The Need for Alcohol & Drug Classes

Little is known or understood about the need for Amish alcohol and drug intervention. Because their use often begins with a rapid onset at age 16, rather than the gradual onset usually seen in non-Amish adolescents, intervention may require a much different approach. The Vision Project has conducted initial surveys of younger Amish adolescents, and found that their attitudes toward alcohol and drug use are different than their non-Amish peers as well. work with alcohol and drug classes builds on our experience with Amish youth, and data collected across time. However, we continue to understand relatively little about their attitudes, opinions, and use compared to the wealth of information available on non-Amish adolescents.

What the Classes Offer

The teenage years can be a challenging time. Particularly for Amish youth, the stress of moving into adulthood includes decisions about the future as a member of the Amish church, and a life separate in Christ. Those teaching them need to remain aware of the struggle that many Amish youth face as they explore the world. Those teaching them also need to remain aware that Amish youth will be using their freedom to make an ultimate decision about their faith.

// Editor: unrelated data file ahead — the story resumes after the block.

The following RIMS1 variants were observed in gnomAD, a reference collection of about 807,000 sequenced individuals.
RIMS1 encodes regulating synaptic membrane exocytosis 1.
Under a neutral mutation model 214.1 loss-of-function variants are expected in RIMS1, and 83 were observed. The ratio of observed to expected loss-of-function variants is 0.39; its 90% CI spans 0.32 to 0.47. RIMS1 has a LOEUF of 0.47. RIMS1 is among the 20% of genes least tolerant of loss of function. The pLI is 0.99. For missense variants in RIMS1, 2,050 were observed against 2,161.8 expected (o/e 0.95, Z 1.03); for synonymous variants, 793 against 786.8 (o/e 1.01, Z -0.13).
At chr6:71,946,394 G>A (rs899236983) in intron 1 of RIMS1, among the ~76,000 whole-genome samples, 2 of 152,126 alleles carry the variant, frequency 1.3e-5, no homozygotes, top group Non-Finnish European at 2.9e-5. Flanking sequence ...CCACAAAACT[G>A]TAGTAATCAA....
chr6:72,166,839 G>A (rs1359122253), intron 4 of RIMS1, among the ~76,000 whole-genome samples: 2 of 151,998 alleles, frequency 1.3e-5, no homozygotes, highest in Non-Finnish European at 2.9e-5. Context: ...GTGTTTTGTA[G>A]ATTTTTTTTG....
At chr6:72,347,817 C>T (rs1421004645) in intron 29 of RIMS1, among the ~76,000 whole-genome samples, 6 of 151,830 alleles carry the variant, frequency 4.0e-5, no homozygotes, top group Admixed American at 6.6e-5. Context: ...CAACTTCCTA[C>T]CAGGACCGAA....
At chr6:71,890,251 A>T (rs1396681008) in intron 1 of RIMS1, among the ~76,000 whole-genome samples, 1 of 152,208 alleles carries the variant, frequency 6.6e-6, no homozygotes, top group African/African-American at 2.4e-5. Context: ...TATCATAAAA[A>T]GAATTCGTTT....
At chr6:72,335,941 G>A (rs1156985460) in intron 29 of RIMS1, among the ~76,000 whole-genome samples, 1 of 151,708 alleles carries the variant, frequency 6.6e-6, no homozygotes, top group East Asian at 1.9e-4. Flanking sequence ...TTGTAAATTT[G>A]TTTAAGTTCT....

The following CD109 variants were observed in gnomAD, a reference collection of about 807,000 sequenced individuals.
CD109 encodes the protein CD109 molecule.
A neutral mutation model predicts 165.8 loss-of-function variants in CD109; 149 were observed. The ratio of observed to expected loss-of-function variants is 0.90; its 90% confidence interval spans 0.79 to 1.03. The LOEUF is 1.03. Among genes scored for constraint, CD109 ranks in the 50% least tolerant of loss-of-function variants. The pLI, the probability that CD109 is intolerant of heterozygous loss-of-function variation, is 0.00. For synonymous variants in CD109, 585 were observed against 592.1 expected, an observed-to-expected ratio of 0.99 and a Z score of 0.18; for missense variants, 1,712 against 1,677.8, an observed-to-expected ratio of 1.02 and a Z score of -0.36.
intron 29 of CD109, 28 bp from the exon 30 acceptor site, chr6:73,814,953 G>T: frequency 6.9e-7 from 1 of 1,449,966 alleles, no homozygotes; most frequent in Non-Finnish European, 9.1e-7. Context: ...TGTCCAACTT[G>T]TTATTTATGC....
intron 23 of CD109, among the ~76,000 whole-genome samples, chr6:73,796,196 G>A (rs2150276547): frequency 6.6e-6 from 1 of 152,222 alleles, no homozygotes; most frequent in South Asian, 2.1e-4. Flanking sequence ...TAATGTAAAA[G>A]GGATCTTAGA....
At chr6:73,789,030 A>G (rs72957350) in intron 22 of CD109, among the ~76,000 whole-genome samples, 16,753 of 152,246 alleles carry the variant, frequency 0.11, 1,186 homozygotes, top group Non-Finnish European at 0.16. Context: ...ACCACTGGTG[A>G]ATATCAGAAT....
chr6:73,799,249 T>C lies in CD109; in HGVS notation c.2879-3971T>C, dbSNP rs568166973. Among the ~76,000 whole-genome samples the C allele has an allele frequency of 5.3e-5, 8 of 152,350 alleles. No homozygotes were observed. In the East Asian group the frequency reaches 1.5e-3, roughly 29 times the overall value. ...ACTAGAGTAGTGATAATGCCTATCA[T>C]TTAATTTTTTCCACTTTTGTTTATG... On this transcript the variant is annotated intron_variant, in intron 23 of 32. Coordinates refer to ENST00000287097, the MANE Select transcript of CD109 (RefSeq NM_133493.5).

With this in mind, these classes offer an opportunity to learn about the effects of alcohol and other drugs commonly used by Amish youth and young adults. They also teach ways to make responsible decisions about alcohol and drug use. The classes do this in the context of Amish life. They serve only Amish youth and young adults (under age 21). Parents are encouraged to attend for a portion of the sessions.

The Use of Amish Educators

The classes are taught by “English” counselors alongside Amish educators. These Amish educators feel called to the program, and respect the privacy of those attending. They are trained in working with these classes.

Amish Youth Vision Project Goal

To work with the needs of Amish adolescents as they observe the world.

Goals of the Classes

  • Increase responsible decision-making about alcohol and drug abstinence and use
  • Raise awareness about the effects of alcohol and drug use on self, family, and community
  • Better respond to the challenges of passing through the world